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Gray Wolves in Nebraska? A Genetic Test Reveals One Was Taken By a Coyote Hunter

A large female wolf was taken by a coyote hunter in Uehling
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A gray wolf, like this one, was recently taken in Nebraska.

Biological genetic testing has proven that the large female canine lawfully shot by coyote hunters on Jan. 28, 2021 near the town of Uehling in east-central Nebraska, was indeed a gray wolf.

The hunters notified the Nebraska game department of the animal, and they tested it. The testing determined the wolf originated from a population of animals roaming the upper Midwest in Minnesota, Wisconsin, and Michigan.

“This is the third confirmed instance of wolf presence in Nebraska since the early 1900s,” Sam Wilson, Game and Parks Furbearer and Carnivore program manager, told Nebraskaland Magazine. “Wolves can disperse great distances from their nearest populations in the northern Rocky Mountains or Upper Great Lakes.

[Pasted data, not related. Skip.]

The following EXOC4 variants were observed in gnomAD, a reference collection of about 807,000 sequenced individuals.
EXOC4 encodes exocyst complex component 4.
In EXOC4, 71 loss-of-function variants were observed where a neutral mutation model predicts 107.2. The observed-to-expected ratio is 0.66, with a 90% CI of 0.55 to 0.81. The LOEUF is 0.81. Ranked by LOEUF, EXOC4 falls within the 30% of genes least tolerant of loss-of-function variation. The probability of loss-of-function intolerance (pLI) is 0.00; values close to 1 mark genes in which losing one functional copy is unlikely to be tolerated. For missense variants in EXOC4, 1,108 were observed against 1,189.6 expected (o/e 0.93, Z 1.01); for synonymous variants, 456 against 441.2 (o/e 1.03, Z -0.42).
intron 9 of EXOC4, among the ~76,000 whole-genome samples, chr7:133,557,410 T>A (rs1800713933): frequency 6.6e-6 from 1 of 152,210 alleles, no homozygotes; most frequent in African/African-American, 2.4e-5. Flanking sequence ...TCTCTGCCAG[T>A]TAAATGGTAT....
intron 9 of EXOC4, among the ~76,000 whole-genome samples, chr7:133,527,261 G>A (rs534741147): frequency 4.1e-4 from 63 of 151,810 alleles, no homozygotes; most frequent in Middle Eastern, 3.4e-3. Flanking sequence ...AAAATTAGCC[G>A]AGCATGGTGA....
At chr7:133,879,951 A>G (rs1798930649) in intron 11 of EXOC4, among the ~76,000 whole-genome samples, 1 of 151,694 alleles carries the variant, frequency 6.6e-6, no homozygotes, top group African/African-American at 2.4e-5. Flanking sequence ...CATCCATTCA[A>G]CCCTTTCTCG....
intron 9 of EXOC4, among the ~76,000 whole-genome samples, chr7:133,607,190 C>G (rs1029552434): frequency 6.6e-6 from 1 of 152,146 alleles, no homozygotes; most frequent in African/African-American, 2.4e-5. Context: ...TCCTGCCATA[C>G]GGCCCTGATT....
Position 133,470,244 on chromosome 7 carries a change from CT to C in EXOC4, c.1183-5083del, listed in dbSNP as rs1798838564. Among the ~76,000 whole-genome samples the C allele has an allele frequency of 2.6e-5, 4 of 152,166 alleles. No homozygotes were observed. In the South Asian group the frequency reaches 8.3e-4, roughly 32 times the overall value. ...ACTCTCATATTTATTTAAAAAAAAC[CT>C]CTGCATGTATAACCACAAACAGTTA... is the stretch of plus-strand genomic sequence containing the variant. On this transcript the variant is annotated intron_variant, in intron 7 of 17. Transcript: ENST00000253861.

“While we don’t have any evidence of resident wolves or reproduction in Nebraska, we can expect young wolves in search of new territory to cover long distances and make it to Nebraska from time to time.”

All three wolves documented in Nebraska in this century have been genetically linked to the Great Lakes strain of animals. The first was taken in 2002 near the town of Spaulding, the second in 2020 near the town of Bassett. The Bassett wolf was an 81-pound male.

Is it possible for a wolf pack to establish itself in Nebraska? Only time will tell. The state is located between the Great Lakes population of wolves (which has an estimated 4,000 animals) and the wolves in Wyoming and Colorado. Wyoming has approximately 300 wolves. Colorado has only a handful of known wolves but the state is planning to reintroduce wolves west of the Continental Divide by 2023.

Nebraska’s neighbor to the north, South Dakota, has had a few gray wolves killed on both sides of the Missouri River; however, South Dakota does not have a resident gray wolf population, according to South Dakota Game, Fish & Parks. Because wolves were removed from Endangered Species protections in January trappers, hunters, landowners, and livestock producers now have the ability to harvest gray wolves in South Dakota under Game, Fish, and Parks management authority. There are four known cases of coyote hunters taking wolves in Iowa since 2014.